But I do think he is one of the few directors working now that could do a version of Don Quixote justice, although it seems like the film we be more about the idea of Don Quixote than the book itself. I'm OK with that since people seem to many different ways to read the book. As I mentioned in my post on Mark Van Doren's Don Quixote's Profession, he notes
The sign of its simplicity is that it can be summarized in a few sentences. The sign of its mysteriousness is that it can be talked about forever. It has indeed been talked about as no other story ever was. For a strange thing happens to its readers. They do not read the same book. Or if they do, they have different theories about it.
(As an aside, I've updated my post on Don Quixote's Profession to note that the speeches comprising it can also be found, much cheaper, in Van Doren's The Happy Critic, published in 1961).
Gilliam's trouble in trying to make a Quixote-related film has been well documented (see here for a nice recap of his last attempt), and he's not the only one that encountered trouble on such a project. I decided to watch Lost in La Mancha, the documentary by Keith Fulton and Louis Pepe on the ill-fated filming of The Man Who Killed Don Quixote. This was Fulton and Pepe's second feature documenting a Gilliam Film: The Hamster Factor and Other Tales of Twelve Monkeys was the first. There was no way they could have known when they started covering Gilliam's The Man Who Killed Don Quixote that the project would fall apart when the film's star, Jean Rochefort, became too ill and injured to continue filming.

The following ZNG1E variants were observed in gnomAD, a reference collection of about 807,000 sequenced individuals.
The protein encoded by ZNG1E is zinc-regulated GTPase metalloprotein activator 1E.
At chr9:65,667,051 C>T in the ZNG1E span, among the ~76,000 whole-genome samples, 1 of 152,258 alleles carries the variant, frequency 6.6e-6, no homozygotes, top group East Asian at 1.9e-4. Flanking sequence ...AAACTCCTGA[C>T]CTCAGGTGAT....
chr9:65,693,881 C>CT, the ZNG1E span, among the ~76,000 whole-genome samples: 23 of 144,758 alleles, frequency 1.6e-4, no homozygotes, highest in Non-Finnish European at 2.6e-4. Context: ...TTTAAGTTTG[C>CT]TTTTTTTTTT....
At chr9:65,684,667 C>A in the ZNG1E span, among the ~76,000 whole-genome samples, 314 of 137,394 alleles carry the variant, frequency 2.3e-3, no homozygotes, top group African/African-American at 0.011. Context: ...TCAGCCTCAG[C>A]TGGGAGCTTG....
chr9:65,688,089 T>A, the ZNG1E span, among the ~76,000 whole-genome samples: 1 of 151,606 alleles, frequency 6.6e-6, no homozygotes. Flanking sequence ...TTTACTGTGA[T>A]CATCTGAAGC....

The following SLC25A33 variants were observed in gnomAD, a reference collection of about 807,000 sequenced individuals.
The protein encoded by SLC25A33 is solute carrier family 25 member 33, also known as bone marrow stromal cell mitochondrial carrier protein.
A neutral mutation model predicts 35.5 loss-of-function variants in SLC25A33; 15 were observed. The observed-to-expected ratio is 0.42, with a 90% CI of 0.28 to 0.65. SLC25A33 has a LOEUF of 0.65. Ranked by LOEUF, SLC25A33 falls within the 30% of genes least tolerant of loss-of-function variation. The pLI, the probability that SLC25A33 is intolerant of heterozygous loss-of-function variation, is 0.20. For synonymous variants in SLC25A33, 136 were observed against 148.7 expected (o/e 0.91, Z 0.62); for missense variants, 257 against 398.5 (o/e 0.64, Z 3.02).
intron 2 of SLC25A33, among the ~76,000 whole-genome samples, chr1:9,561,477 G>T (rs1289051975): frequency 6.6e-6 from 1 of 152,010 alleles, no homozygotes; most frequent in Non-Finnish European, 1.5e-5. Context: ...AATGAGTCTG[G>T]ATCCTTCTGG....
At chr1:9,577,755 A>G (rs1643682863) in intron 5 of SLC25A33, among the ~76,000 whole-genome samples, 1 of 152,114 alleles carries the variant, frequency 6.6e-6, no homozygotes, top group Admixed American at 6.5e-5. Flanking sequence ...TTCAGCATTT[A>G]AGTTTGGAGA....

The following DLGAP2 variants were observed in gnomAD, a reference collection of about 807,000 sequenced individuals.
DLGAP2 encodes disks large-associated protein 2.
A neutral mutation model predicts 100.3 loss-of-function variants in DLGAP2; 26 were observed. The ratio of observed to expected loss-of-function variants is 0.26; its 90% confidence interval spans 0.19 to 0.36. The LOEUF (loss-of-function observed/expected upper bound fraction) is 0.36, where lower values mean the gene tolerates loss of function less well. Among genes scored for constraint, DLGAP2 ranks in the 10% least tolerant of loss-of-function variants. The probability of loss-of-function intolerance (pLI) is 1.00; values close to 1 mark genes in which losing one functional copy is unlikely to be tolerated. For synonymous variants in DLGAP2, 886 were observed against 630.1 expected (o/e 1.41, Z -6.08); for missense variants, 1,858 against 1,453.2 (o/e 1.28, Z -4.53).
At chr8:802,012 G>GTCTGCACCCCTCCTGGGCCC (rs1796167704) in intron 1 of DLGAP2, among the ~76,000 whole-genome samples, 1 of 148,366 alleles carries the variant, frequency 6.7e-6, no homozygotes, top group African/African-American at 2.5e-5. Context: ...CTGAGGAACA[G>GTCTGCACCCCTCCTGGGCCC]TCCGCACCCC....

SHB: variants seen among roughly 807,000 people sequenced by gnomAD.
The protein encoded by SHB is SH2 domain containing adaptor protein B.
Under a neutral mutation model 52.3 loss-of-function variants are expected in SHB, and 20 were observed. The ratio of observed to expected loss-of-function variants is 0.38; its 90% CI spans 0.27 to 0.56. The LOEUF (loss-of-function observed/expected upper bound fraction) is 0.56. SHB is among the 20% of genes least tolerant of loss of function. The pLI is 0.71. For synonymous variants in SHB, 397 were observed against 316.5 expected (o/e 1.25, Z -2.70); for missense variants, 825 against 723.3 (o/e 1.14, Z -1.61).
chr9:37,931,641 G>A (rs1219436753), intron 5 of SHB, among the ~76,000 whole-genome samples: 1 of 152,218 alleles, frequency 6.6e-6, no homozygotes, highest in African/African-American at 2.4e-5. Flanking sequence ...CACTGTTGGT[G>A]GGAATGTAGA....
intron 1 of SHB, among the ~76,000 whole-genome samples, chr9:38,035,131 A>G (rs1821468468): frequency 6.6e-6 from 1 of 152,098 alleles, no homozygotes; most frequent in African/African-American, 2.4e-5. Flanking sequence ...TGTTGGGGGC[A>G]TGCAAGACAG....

The problems with the project begin early: funding falls through, actors aren't under contract and don't show up for pre-production, and sets aren't as advertised. Assistant Director Phil Patterson stated it well, noting that working on a project with Gilliam was like riding a wild horse. You grab on to the mane and hold on for the ride of your life. The first scene was shot next to a NATO bombing range, so jets disrupt their attempts to film. Then massive rain and hail wash away that set. Rochefort leaves the set after day six of shooting, never to return. Despite initial claims of force majeure, the insurance company reimbursed investors but ended up owning the script. A few of the clips filmed are shown and they barely hint at what might have been. The difficulty in filming a movie, especially one with a strict budget and tight schedule, comes through in every scene. Similar to Cervantes' story, reality keeps intruding on the dream.
Gilliam handles everything thrown at him with aplomb. He has a few "blow up" moments, but they're surprisingly tame in relation to what he's facing. The stand-out moments for me was Patterson putting Jean Rochefort's health above making the film and Terry Gilliam sticking with Patterson even when he didn't agree with him. If watching someone under intense pressure reveals their true nature, these are two outstanding guys.
I found watching Lost in La Mancha frustrating at times, even though I knew exactly how things would turn out, because I wanted them to succeed. And I ardently hope that this go-round will be successful. If you go to rent Lost in La Mancha or check it out from a library, make sure there is a second disc including extras. On it is a 54 minute interview between Salman Rushdie and Terry Gilliam from 2002. It's an entertaining romp through their views on different types of books and movies. I found myself wishing it would go on for much longer.